These players are handsomely compensated as it is. On top of that, they're supposed to be playing the game out of love, out of appreciation for the sport, and not to inflict senseless injury on a peer. 

    It's vile right down the core and violates a basic maxim of playing the game, which is to have fun and compete with class.

    This was simply a brutal disrespect to the game by players who should be acting as ambassadors for it. 

    Goodell had to shine a light on it. 

There Was No Accountability

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    Where does the buck stop? 

    The head coach? The defensive coordinator? The general manager? The owner?

    It wasn't that just one person was responsible for running the bounty program and moved expertly to cover it up. 

    It was an evident, pervasive thing in the Saints' locker room, and it took several people in positions of power within the organization to turn a blind eye and exercise indifference to make it function as well as it did. 

    Sean Payton and Gregg Williams are the two marquee names on the list of suspensions but they're not the only ones to be handed a scarlet letter by the NFL. 

    GM Mickey Loomis faces an eight-game suspension and a $500,000 fine.  Assistant head coach Joe Vitt is suspended without pay for the first six games of the 2012 season and the organization itself is out $500,000 and its second round pick from the two upcoming drafts. 

    Owner Tom Benson can add 'janitor' to his repertoire as he is left cleaning up the mess that Gregg Williams and his created.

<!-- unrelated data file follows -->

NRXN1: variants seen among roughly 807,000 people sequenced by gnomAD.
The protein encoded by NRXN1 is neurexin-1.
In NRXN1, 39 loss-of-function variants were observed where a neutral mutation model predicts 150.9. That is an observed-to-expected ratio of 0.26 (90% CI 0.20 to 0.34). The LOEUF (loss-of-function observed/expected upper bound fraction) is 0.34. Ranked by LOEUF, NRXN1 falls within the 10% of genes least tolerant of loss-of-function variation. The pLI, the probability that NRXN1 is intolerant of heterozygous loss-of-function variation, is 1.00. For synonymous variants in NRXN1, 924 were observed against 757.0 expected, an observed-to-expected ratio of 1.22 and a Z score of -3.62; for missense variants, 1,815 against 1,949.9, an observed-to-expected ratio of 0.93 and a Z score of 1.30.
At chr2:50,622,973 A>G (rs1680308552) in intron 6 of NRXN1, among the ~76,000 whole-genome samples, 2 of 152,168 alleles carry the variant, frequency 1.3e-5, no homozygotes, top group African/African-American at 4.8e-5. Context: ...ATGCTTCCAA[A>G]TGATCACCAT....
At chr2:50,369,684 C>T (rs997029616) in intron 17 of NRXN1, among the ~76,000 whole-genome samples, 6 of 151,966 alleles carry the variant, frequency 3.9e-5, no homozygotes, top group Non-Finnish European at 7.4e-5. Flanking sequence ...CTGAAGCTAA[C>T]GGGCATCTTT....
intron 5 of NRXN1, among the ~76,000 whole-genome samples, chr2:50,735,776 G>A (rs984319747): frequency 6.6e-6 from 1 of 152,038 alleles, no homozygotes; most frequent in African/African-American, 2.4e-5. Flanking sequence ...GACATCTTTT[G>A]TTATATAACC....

There is a serious lack of leadership when you take into account the number of parties involved.  There is also a serious lack of class on the part of the supposed leaders and managers of the Saints franchise to allow this to go on right under their noses. 

    Roger Goodell and the league did well in sharing the punishment amongst all the culpable parties and not just assigning it to one person in particular. 

    It's a clear message that wrong-doing of this magnitude will force multiple people to claim responsibility and pay for the damage done. 

The Example Needed to Be Made

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    For Goodell, this was the easiest choice of all. 

    You hang any-and-all involved parties out to dry as a signal to other NFL teams who have ever dabbled in something similar to this. 

    There should be no leniency for NFL players and coaches financing an under-the-table scheme that rewards players who injure people. 

    It's classless, it's unethical, and it's detrimental to the sport. 

    The hard line needed to be drawn and it needed to point directly at someone.  This scandal and its underlying issues needed a face.

    Gregg Williams and Sean Payton now have a billboard. 

    The sanctions laid down by the NFL will resonate for years to come and there should be no grey area left after all is said and done. 

    Roger Goodell is wearing the executioners hood and justifiably so.

    Hopefully the image of him lowering the axe won't soon vanish from the collective conscious of the NFL.